April 21, 2021

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  • Avatar

    Tony Diaczok

    Hardly any bang for buck! Who needs a roof in Quennsland?

    April 21, 2021

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  • Avatar

    N

    I appreciate this is only a concept proposal / announcement. Details around environmental performance and architectural design will be published later hopefully.

    In response to this, the location seems logical. The proposed cost is a major concern – state government needs to be careful with infrastructure spending over the coming 10 years. Without a strong business case study, stadium infrastructure projects should not be supported by the taxpayer at this time. This is one of the reasons why the federal labor government introduced Infrastructure Australia – a statutory authority to overhaul reform, planning, development and investment in the nation’s future.

    In addition, my understanding is that the IOC criteria has evolved for a number of reasons, and while the Brisbane/SE QLD application is fulfilling that criteria successfully, this particular proposal is taking two backward steps.

    Does the Gabba need to be redeveloped for $1b of tax payer’s money? Or do we need to further invest $1b into Brisbane’s public transport infrastructure for the Games? In terms of legacy creation and environmental sustainability, pretty sure public transport is the way to go!

    April 21, 2021

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  • Avatar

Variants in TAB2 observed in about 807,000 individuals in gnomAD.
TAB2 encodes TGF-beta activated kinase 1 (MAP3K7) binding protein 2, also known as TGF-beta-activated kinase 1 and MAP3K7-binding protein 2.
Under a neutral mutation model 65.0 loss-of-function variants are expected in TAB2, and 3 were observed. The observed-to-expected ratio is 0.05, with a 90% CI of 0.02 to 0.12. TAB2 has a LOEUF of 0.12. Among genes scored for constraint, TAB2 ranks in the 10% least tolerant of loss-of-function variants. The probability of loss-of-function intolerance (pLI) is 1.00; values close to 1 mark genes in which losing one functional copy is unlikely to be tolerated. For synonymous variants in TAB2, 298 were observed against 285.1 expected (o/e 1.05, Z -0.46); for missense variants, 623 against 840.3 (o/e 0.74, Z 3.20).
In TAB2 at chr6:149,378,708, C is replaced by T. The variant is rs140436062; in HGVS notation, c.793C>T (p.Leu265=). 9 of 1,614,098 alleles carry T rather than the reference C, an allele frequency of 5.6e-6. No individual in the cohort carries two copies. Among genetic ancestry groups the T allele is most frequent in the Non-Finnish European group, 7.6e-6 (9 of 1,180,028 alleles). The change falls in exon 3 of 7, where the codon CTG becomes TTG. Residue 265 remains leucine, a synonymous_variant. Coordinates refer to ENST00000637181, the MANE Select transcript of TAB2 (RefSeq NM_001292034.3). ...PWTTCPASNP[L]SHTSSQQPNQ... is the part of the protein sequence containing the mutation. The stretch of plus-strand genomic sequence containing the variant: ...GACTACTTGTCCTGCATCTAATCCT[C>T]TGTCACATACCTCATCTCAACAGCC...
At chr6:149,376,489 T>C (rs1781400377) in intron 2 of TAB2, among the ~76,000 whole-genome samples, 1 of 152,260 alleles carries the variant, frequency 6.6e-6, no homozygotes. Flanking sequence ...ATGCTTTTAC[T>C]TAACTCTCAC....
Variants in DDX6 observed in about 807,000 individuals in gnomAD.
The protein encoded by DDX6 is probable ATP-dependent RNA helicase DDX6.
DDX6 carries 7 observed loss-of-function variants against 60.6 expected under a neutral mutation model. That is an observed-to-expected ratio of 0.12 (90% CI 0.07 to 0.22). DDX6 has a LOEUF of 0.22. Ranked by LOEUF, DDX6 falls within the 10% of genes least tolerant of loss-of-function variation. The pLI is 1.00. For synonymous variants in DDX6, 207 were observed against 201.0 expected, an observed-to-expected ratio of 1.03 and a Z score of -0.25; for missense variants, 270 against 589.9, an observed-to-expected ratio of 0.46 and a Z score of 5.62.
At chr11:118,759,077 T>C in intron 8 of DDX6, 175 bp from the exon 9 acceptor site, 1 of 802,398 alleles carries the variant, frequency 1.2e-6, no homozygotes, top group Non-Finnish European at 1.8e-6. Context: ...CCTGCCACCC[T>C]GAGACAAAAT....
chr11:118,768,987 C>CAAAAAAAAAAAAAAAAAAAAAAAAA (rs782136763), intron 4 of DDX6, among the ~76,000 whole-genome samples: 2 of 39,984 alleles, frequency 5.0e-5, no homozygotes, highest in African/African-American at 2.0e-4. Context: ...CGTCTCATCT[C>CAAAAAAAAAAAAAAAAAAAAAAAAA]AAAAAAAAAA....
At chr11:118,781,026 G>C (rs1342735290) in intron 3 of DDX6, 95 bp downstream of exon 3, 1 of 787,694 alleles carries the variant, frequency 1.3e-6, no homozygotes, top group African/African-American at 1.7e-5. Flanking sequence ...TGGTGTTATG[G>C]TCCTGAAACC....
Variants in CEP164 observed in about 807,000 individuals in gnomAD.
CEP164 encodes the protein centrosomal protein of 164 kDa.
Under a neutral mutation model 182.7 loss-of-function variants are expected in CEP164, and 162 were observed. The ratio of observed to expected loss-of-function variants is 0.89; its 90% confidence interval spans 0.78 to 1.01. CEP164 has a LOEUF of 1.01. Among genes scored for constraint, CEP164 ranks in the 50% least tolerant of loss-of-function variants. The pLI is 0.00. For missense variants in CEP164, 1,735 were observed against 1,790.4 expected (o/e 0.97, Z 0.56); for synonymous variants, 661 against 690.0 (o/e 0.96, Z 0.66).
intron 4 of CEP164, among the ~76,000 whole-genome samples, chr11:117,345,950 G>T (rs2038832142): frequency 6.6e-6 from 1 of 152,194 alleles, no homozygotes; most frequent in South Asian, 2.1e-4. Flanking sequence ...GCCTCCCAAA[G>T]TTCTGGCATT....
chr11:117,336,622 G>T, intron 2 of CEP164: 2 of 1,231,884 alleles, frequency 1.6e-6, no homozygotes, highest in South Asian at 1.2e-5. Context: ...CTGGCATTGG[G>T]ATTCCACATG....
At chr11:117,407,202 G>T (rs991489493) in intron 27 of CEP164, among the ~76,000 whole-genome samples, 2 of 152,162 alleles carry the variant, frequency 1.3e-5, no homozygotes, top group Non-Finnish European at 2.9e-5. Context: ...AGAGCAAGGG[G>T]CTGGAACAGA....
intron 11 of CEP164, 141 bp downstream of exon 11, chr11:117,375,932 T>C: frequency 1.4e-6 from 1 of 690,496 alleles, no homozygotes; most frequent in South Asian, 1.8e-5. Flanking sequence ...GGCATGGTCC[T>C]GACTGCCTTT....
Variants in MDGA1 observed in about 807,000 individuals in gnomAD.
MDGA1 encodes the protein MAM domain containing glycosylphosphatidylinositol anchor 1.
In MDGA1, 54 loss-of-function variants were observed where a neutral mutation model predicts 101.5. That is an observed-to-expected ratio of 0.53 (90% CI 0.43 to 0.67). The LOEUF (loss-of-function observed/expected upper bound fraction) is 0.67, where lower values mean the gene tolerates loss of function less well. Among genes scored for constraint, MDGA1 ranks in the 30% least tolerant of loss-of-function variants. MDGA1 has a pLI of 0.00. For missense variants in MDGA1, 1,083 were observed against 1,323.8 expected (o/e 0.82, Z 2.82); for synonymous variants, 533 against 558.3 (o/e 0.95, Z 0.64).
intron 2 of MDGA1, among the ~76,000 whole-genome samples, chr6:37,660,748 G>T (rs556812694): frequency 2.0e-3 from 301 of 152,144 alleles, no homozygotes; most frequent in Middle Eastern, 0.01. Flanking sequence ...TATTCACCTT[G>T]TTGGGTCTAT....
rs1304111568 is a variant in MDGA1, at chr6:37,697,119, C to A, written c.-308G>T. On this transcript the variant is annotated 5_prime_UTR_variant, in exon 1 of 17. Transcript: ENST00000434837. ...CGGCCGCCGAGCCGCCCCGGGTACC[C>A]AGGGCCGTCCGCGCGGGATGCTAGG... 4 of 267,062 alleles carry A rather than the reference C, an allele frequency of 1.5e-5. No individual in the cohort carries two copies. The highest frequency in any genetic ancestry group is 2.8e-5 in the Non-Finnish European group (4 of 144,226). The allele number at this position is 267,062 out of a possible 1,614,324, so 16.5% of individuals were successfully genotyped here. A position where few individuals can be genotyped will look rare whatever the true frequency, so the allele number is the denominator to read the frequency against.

Christopher Stewart

    State of the art stadiums being built these days have a roof or 100% of their seating under cover. This will not be taken seriously in a supposedly “new world city”. And it seems we still haven’t learnt the lesson from the epic fail with the location of Suncorp – trying to squeeze a big stadium on a small site or residential area where it will look out of place and generate regular complaints from local residents. If you want an appropriate inner-city site it would have been in the Exhibition grounds where there’s a train and busway station on site or right next door.

    April 21, 2021

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  • Avatar

    Greg

    Not much bang for your buck if it’s going from 42,000 to only 50,000. That may be enough to satisfy Cricket Australia but it’ll be the smallest Olympics venues in recent history if there isn’t an option for additional seating.
    Something like Sydney’s olympic stadium (110,000 capacity!) where the wings were demolished after the games were over.

    April 21, 2021

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    Cheryl Vize

    A Stadium to take us in to 2032 and beyond without a roof? You have to be kidding!!

    April 21, 2021

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Architectural design
Building amenities
Building greenery (Buildings that breathe)
Public realm / Street activation
Sustainability